In our human-dominated world, anthropogenic drivers like climate change and land use alter biotic interactions such as competition, predation, and parasitism, with consequences for populations, communities, and ecosystems. As an ecologist, I’m broadly interested in studying relationships among these topics with the goals of better understanding species’ roles in ecosystems and, ultimately, conserving biodiversity. The ecological niche concept is a guiding theme in my work, given that species’ niches ultimately determine where they can occur, what they do there, and which other species they can coexist with. I use tools like occupancy models and stable isotopes to study different aspects of species’ niches.
Prior to joining the Johnson lab, I received my B.S. and M.S. degrees at the University of Wisconsin-Madison (with a couple years of field jobs between the two). For my master’s, I worked with Dr. Zach Peery to quantify habitat associations, population processes, and trophic interactions of spotted owls in the Sierra Nevada. I also studied a diversity of other bird and mammal species during my time as an undergraduate and between degrees. As a member of the Johnson lab, I’ll be studying the relationship between biodiversity and parasitism, the impacts of invasive species, and aquatic-terrestrial nutrient exchanges.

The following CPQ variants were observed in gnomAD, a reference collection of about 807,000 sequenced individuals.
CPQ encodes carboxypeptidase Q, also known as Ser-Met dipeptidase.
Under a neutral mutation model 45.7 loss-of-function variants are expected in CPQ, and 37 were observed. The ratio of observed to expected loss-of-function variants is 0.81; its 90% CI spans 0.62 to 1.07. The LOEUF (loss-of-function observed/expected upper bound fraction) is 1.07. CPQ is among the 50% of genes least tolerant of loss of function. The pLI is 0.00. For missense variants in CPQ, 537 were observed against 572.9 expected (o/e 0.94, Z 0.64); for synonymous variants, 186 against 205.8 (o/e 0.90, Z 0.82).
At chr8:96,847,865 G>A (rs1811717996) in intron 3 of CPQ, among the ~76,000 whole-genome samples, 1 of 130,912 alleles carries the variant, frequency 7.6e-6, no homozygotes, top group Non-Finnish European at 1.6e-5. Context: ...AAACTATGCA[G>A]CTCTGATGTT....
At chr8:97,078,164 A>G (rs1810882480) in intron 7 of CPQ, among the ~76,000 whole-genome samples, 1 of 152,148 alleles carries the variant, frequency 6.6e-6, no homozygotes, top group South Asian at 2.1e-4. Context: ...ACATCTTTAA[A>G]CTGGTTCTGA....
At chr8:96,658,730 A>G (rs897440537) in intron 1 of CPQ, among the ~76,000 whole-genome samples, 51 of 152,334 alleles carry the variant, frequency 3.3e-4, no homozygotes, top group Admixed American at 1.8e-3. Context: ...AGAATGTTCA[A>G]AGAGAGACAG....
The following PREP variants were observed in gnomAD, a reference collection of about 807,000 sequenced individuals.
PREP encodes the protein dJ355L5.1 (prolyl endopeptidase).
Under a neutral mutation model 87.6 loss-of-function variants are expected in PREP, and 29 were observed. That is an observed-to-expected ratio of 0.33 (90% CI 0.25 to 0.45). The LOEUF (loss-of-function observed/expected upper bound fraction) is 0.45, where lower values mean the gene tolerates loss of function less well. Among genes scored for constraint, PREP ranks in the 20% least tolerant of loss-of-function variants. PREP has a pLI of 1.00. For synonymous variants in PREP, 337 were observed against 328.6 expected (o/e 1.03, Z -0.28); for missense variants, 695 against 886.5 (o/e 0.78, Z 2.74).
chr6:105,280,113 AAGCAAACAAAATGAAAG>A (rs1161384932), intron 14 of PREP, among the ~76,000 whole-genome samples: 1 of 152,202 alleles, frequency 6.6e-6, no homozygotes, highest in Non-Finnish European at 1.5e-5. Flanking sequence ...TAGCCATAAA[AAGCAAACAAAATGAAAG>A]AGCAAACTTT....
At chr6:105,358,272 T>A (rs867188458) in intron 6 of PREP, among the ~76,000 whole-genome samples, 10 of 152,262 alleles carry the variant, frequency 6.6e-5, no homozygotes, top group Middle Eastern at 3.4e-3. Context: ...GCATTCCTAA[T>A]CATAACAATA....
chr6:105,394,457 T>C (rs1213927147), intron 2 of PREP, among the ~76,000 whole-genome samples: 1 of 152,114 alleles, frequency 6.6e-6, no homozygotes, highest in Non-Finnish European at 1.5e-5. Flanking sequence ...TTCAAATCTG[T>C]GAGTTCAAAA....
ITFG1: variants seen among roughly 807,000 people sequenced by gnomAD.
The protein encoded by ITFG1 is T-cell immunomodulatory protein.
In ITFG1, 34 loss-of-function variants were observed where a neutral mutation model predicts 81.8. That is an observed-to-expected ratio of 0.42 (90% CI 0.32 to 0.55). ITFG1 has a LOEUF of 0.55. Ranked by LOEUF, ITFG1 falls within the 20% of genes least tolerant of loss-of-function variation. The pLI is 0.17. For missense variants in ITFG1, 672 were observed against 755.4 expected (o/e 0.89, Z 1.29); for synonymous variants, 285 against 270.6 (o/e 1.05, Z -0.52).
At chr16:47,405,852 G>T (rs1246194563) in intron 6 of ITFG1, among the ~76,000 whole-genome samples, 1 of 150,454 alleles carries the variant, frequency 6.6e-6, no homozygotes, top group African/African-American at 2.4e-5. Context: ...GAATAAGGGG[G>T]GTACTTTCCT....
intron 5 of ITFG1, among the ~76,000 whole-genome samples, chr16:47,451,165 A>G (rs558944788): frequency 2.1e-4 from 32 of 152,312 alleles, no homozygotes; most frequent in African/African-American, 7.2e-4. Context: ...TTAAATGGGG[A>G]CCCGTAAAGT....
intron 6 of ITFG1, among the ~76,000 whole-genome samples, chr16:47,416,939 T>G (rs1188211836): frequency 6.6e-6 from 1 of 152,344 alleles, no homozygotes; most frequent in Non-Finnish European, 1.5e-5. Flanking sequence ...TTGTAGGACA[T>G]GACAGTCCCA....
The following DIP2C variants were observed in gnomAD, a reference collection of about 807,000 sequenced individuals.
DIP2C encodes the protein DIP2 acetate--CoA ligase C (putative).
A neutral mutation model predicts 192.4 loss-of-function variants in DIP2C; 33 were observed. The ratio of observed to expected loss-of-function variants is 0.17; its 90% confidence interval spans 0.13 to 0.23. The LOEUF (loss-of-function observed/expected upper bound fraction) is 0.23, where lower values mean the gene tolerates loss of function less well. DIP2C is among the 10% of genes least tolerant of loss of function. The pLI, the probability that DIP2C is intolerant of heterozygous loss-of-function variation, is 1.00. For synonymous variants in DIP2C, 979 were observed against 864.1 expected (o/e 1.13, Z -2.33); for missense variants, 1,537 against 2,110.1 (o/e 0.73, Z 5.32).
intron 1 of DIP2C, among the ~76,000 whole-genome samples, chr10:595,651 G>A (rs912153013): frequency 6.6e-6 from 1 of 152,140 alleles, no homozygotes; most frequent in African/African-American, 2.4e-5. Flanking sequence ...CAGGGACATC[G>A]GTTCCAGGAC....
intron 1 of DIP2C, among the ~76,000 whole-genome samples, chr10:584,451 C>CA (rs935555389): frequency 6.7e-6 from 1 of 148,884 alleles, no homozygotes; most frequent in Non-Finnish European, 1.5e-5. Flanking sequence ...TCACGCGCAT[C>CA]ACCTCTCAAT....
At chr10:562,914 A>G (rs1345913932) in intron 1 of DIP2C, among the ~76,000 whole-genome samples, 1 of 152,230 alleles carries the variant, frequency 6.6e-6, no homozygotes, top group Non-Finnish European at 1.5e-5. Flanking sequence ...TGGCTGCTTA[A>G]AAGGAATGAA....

Aside from research, I enjoy hiking/biking/climbing outdoors, reading fiction, and discovering good beers.